Things you Find on Fenway Park Tours (Part II)

 by Shallots and Chalets

After taking it all in on top of the Green Monster, you continue the tour by walking along behind the 3rd Baseline Grandstand, were you come across some familiar faces. The picture of Mickey Mouse you see below is actually a statue that was originally erected in Los Angeles for the 2010 MLB All Star Game. The injury that Mickey incurred was actually a result from L.A. Laker fans who were celebrating the NBA Finals Championship win in L.A. at the time. Mikey was actually surprised the whole statue wasn’t destroyed!

We don’t want to ruin all of the surprises about the unique things you’ll discover on this tour – because we think it’s worth doing yourself! The story lines are endless at Fenway and you’ll hear tales of ladders, a secret morse code embedded in the structure of the building and about the 150 year waiting list for work in the scoreboard – among many. We did want to share with you one more story, which, well, is about a red chair. This chair can be found out in right-field and of course comes with a great story!

Located in Section 42, Row 37, Seat 21 represents a significant achievement of the late, great Ted Williams. On June 9th, 1946, after having returned from active combat in World War Two, as a pilot in the American Airforce, Ted Williams hit the longest home run ever hit in Fenway Park’s history – 502 ft! The fact that his home run still stands as the longest ever hit in the ballpark is amazing enough. The fact that Ted Williams, prior to stepping up to the plate that day, saw that a man had fallen asleep in that seat and told his teammates to , ‘watch this, I am going to hit that guy sleeping out in right field’ – we are paraphrasing of course, but so the story goes. He stepped up to plate and slugged what would be the longest home run in Fenway Park – and plop – hits the guy right in the head!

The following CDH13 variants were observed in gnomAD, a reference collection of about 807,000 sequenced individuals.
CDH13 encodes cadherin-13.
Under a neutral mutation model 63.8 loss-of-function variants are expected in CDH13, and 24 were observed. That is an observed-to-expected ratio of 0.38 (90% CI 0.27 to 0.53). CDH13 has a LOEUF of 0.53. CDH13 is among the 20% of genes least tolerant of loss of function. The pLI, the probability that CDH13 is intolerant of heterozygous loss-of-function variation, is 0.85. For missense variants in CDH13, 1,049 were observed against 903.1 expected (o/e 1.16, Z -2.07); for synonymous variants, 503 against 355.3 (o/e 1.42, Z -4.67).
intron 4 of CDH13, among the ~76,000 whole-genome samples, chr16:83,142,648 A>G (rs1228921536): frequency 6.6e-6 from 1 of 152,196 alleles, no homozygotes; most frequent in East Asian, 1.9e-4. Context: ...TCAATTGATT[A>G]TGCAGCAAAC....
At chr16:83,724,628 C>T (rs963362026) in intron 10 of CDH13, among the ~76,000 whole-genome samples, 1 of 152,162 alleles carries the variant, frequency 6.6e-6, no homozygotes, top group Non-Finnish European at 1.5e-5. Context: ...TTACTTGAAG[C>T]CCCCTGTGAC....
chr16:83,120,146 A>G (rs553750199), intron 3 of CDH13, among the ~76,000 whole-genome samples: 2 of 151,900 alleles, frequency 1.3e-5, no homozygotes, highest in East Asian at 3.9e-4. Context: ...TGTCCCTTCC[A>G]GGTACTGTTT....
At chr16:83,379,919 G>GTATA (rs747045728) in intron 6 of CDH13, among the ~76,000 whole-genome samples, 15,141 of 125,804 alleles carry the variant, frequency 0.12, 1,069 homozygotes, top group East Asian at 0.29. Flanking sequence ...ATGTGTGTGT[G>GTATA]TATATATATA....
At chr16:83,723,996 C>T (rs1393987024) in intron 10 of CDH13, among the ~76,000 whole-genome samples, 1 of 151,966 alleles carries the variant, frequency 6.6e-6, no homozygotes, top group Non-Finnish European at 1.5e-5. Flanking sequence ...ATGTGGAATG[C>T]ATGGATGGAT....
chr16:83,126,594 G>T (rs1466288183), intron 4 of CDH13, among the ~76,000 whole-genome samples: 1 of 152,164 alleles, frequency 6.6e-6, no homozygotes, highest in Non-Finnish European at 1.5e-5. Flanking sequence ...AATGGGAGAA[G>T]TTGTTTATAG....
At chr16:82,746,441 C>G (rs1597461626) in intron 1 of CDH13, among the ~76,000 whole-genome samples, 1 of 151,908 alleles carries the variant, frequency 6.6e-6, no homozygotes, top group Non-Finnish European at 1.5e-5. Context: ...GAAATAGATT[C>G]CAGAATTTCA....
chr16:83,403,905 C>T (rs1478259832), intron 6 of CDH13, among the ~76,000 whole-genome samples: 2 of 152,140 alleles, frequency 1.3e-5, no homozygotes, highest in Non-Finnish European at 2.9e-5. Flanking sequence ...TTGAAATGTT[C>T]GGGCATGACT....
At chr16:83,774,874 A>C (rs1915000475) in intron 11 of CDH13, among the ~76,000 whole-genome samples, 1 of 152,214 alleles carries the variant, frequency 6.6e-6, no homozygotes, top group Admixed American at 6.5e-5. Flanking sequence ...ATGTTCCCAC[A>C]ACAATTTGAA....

The tour concludes in a small museum on the ground floor, where guests are given a chance to take a closer look at Cy Young Awards, signed baseballs and bats and learn more of the amazing history of the Boston Red Sox and Fenway Park. Our favorite part is the fact that you can see one of the teams living legends in person and get a close up look at two of the championship rings!

 

Below you will find a link to an article that wraps up Steve in one sentence – “You know a Boston Red Sox Fenway Park tour is successful when the tour guide has the knowledge of a baseball encyclopedia and the stand-up routine of a Shecky Greene.”

Here is the link to the article – www.visitingnewengland.com/Fenway-Park-Tour.html

For more information about Boston Fenway Park & Red Sox games , please visit http://redsox.com

 

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